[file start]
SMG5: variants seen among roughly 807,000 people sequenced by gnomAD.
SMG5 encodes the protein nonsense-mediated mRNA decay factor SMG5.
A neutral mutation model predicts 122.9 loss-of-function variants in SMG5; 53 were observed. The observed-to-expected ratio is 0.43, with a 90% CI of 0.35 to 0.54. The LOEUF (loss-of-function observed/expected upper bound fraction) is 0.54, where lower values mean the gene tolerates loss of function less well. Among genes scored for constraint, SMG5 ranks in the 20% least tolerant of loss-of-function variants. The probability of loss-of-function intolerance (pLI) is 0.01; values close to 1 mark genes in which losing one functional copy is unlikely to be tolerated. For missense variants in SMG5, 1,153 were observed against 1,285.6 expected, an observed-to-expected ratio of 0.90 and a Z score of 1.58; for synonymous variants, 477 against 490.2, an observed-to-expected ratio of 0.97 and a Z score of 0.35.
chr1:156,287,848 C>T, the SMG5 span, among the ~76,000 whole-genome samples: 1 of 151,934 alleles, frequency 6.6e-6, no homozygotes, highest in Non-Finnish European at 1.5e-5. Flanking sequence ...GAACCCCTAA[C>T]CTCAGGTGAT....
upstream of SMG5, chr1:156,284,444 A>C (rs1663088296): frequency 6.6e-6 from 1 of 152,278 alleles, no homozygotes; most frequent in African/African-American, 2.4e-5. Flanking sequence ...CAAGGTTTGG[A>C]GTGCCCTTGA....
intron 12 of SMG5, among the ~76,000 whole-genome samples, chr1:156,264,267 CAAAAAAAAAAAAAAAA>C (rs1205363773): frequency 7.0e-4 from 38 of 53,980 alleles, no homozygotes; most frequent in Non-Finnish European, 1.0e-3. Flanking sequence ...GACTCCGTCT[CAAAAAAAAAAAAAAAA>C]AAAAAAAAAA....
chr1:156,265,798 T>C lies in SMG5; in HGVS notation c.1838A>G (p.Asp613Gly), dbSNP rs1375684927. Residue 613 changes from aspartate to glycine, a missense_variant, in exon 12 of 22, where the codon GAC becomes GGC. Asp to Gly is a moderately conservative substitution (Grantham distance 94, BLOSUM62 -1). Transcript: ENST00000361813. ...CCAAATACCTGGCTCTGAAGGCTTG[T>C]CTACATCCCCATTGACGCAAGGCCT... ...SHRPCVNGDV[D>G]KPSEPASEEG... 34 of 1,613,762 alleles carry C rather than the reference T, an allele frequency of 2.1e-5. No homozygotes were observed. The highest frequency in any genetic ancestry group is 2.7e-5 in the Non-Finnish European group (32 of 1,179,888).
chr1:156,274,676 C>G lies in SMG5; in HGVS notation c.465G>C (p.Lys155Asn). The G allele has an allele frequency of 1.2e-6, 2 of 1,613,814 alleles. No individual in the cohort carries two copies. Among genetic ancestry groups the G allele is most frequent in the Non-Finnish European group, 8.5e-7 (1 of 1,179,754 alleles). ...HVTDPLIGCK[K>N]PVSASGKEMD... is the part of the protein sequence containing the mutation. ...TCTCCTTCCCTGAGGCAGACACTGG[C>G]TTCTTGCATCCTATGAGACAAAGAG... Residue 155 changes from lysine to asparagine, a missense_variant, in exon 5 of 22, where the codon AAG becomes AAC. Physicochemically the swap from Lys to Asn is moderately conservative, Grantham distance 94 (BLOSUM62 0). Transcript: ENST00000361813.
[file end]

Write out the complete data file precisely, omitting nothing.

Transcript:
SMG5: variants seen among roughly 807,000 people sequenced by gnomAD.
SMG5 encodes the protein nonsense-mediated mRNA decay factor SMG5.
A neutral mutation model predicts 122.9 loss-of-function variants in SMG5; 53 were observed. The observed-to-expected ratio is 0.43, with a 90% CI of 0.35 to 0.54. The LOEUF (loss-of-function observed/expected upper bound fraction) is 0.54, where lower values mean the gene tolerates loss of function less well. Among genes scored for constraint, SMG5 ranks in the 20% least tolerant of loss-of-function variants. The probability of loss-of-function intolerance (pLI) is 0.01; values close to 1 mark genes in which losing one functional copy is unlikely to be tolerated. For missense variants in SMG5, 1,153 were observed against 1,285.6 expected, an observed-to-expected ratio of 0.90 and a Z score of 1.58; for synonymous variants, 477 against 490.2, an observed-to-expected ratio of 0.97 and a Z score of 0.35.
chr1:156,287,848 C>T, the SMG5 span, among the ~76,000 whole-genome samples: 1 of 151,934 alleles, frequency 6.6e-6, no homozygotes, highest in Non-Finnish European at 1.5e-5. Flanking sequence ...GAACCCCTAA[C>T]CTCAGGTGAT....
upstream of SMG5, chr1:156,284,444 A>C (rs1663088296): frequency 6.6e-6 from 1 of 152,278 alleles, no homozygotes; most frequent in African/African-American, 2.4e-5. Flanking sequence ...CAAGGTTTGG[A>C]GTGCCCTTGA....
intron 12 of SMG5, among the ~76,000 whole-genome samples, chr1:156,264,267 CAAAAAAAAAAAAAAAA>C (rs1205363773): frequency 7.0e-4 from 38 of 53,980 alleles, no homozygotes; most frequent in Non-Finnish European, 1.0e-3. Flanking sequence ...GACTCCGTCT[CAAAAAAAAAAAAAAAA>C]AAAAAAAAAA....
chr1:156,265,798 T>C lies in SMG5; in HGVS notation c.1838A>G (p.Asp613Gly), dbSNP rs1375684927. Residue 613 changes from aspartate to glycine, a missense_variant, in exon 12 of 22, where the codon GAC becomes GGC. Asp to Gly is a moderately conservative substitution (Grantham distance 94, BLOSUM62 -1). Transcript: ENST00000361813. ...CCAAATACCTGGCTCTGAAGGCTTG[T>C]CTACATCCCCATTGACGCAAGGCCT... ...SHRPCVNGDV[D>G]KPSEPASEEG... 34 of 1,613,762 alleles carry C rather than the reference T, an allele frequency of 2.1e-5. No homozygotes were observed. The highest frequency in any genetic ancestry group is 2.7e-5 in the Non-Finnish European group (32 of 1,179,888).
chr1:156,274,676 C>G lies in SMG5; in HGVS notation c.465G>C (p.Lys155Asn). The G allele has an allele frequency of 1.2e-6, 2 of 1,613,814 alleles. No individual in the cohort carries two copies. Among genetic ancestry groups the G allele is most frequent in the Non-Finnish European group, 8.5e-7 (1 of 1,179,754 alleles). ...HVTDPLIGCK[K>N]PVSASGKEMD... is the part of the protein sequence containing the mutation. ...TCTCCTTCCCTGAGGCAGACACTGG[C>G]TTCTTGCATCCTATGAGACAAAGAG... Residue 155 changes from lysine to asparagine, a missense_variant, in exon 5 of 22, where the codon AAG becomes AAC. Physicochemically the swap from Lys to Asn is moderately conservative, Grantham distance 94 (BLOSUM62 0). Transcript: ENST00000361813.